12 April 2015

Those Bermuda Bastards

I think it was Dr. Hemond who said, "If you need a little money, you go to a bank. If you need serious money, you go to an insurance company." Mostly, of course, life companies; the payout risk is somewhat more quantifiably predictable. Causes of death don't change all that much from year to year. Hurricanes, tornados, and faulty autos; not so much. Or very much, depending on how one chooses to parse the English.

Earlier in the week, the NYT ran a story describing how rich people create captive insurance carriers.
Stephen M. Moskowitz, a tax lawyer and certified public accountant in San Francisco who advised the California lawyer, said he also worked with a dentist who set up a captive to insure against a terrorist attack in his dental office.

I thought about musing about how incentive, once again, tops data, but let it go. Very zen of me. But it appears the "Times" was using that story as a loss leader or hors d'oeuvres. Today, we get the entree: life insurance companies, since they get to play 50 states' insurance departments against one another, are playing Russian roulette with your family's security blanket. Once again, those that make the rules get to bend them to their benefit.

In concert with what many, humble self included, have said about banking leading to, and especially after, The Great Recession; banking is supposed to be dull.
The life insurance business is supposed to be dull -- sell policies; collect premiums; salt the money away in the safest sorts of investments, mostly bonds; pay out benefits; and make money along the way by investing surplus assets prudently. No wild bets, no siphoning of assets, no off-the-books maneuvers.

Here, again, we see the side-effect of the over-supply of savings, globally. Interest bearing instruments rise in price, thus lowering the effective interest rate on their coupons. It was just this, still growing, over-supply that led to the Great Recession. Rather than invest in producing assets, which depend on getting the right plant and equipment installed, The Masters of The World chose "risk free" assets. Since they were all chasing the same classes of assets, US Gummint debt mostly, US housing looked like a better yield with little increase in risk. Think of it as arbitrage in reverse: all the Masters fixated on one narrow (in the global sense) class and threw trillions of moolah at it. Even if the Crash never happened, the result would have been about as bad for the Masters: collapsing returns.

Today, with all that moolah chasing Treasuries, the historical class for life insurers, the companies face collapsing returns. Again. So, again, they fiddle the rules. This time with, some, help from the regulators. The piece points to Iowa, and my favorite "Lord of the Flies" whipping boy country, Bermuda.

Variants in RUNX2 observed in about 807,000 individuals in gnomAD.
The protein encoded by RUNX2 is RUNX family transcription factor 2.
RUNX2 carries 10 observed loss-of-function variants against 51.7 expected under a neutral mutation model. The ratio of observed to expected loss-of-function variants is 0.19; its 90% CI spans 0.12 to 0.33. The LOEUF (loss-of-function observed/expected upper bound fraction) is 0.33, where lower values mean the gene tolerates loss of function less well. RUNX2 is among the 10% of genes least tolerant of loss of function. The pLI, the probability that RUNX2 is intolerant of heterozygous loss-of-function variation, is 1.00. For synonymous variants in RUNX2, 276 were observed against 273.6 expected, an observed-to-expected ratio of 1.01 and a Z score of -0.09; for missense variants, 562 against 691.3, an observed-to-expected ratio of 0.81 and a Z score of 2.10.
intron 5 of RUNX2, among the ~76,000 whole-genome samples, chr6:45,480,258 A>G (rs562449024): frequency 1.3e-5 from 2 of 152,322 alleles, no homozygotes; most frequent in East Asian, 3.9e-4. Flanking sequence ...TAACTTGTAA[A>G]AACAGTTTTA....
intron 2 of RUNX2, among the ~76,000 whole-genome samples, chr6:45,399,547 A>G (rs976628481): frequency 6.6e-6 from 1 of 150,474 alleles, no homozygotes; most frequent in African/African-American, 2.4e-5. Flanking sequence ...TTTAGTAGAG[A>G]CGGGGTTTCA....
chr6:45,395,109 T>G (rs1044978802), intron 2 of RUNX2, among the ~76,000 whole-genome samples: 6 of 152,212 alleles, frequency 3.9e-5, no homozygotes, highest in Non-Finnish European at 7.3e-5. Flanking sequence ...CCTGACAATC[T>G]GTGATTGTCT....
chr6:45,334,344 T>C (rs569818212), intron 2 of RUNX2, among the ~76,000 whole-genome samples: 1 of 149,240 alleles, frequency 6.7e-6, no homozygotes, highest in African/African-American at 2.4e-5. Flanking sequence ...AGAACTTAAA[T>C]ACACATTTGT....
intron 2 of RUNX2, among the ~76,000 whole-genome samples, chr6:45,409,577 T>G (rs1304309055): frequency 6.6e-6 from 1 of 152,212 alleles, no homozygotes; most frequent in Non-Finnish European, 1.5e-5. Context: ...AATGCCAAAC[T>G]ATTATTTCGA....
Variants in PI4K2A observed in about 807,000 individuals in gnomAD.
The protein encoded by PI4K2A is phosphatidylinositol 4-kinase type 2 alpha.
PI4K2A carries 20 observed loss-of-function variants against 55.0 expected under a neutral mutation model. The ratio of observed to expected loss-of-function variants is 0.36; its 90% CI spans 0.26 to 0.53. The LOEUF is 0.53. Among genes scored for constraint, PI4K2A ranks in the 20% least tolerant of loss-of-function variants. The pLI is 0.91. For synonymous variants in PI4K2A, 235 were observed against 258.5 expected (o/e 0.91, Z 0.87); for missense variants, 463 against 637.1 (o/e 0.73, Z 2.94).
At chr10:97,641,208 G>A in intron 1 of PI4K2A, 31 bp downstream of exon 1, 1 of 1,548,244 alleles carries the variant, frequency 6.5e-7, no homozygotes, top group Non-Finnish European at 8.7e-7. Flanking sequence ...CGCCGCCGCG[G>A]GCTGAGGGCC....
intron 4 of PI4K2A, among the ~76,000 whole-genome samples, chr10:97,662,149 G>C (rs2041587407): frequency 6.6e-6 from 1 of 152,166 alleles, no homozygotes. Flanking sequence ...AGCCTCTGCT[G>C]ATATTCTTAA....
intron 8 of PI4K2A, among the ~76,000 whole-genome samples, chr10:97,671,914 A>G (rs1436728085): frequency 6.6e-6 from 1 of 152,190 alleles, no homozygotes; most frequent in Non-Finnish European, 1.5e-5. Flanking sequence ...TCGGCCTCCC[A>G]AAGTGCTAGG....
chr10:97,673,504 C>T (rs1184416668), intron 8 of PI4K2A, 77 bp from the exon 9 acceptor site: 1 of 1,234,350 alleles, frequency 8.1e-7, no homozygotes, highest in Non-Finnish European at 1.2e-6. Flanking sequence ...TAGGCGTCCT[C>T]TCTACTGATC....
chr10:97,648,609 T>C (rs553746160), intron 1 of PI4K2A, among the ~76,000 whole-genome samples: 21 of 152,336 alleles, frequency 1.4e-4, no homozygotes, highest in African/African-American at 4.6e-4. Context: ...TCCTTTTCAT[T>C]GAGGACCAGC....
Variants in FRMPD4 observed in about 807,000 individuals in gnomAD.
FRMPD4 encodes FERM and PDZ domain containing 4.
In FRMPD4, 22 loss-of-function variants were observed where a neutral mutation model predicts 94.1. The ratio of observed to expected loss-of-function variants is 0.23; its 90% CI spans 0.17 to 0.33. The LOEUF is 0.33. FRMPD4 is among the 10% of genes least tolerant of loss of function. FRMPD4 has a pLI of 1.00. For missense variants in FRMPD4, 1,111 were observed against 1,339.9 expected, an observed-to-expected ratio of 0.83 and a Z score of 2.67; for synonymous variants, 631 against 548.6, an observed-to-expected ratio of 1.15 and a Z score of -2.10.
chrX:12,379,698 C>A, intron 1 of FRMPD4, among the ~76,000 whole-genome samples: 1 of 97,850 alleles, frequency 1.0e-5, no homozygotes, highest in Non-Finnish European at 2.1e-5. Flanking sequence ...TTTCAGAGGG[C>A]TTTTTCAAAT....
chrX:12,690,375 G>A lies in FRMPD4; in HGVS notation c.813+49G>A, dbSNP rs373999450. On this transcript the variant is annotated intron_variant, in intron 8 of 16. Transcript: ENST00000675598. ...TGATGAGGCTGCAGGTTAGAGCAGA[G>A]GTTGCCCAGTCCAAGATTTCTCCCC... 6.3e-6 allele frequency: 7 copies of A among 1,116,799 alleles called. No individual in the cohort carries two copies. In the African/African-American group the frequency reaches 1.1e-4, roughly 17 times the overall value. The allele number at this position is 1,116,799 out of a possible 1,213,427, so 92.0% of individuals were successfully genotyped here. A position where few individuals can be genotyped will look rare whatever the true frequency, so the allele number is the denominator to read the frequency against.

For years, Iowa has been working to make its capital, Des Moines, an insurance hub, with considerable success. Insurance now accounts for more than 24,000 jobs in and around the city, and for more dollars in the state economy than agriculture.

Just as Bermuda, or at least the rich white ones, decided that tourism was too dull and not rich enough, Iowa's powers that be decided to kowtow to insurance company fiddling. The essence of the fiddle, both with Bermuda and Iowa companies, is to create captives which actually have no moolah, but lots of liability.
One maneuver known as "captive reinsurance" grew to $364 billion in 2012 from $11 billion in 2002, according to a Treasury Department report issued in 2014. The report said captive reinsurance exemplified one of the three most important types of risk to financial stability that emerged last year.

Captives get created as shells, take the liability, while the parent keeps the profit. Nice work.
Putting obligations into a captive and saying they are reinsured is a little like putting dirty laundry into a closet and saying it's being cleaned.

I can't top that one, ya know.

[New York State's superintendent of financial services, Benjamin M. Lawsky] keeps saying that captive structures remind him of the deals that proliferated in the run-up to the financial crisis of 2008. That ended in a giant taxpayer bailout.

Once again we get the fallout from the 1%'s demand of 10% (or so) return on the use of their idle moolah. It doesn't, and hopefully won't (from their point of view), be put to productive use. That's too risky. They just deserve their tithe.

No comments: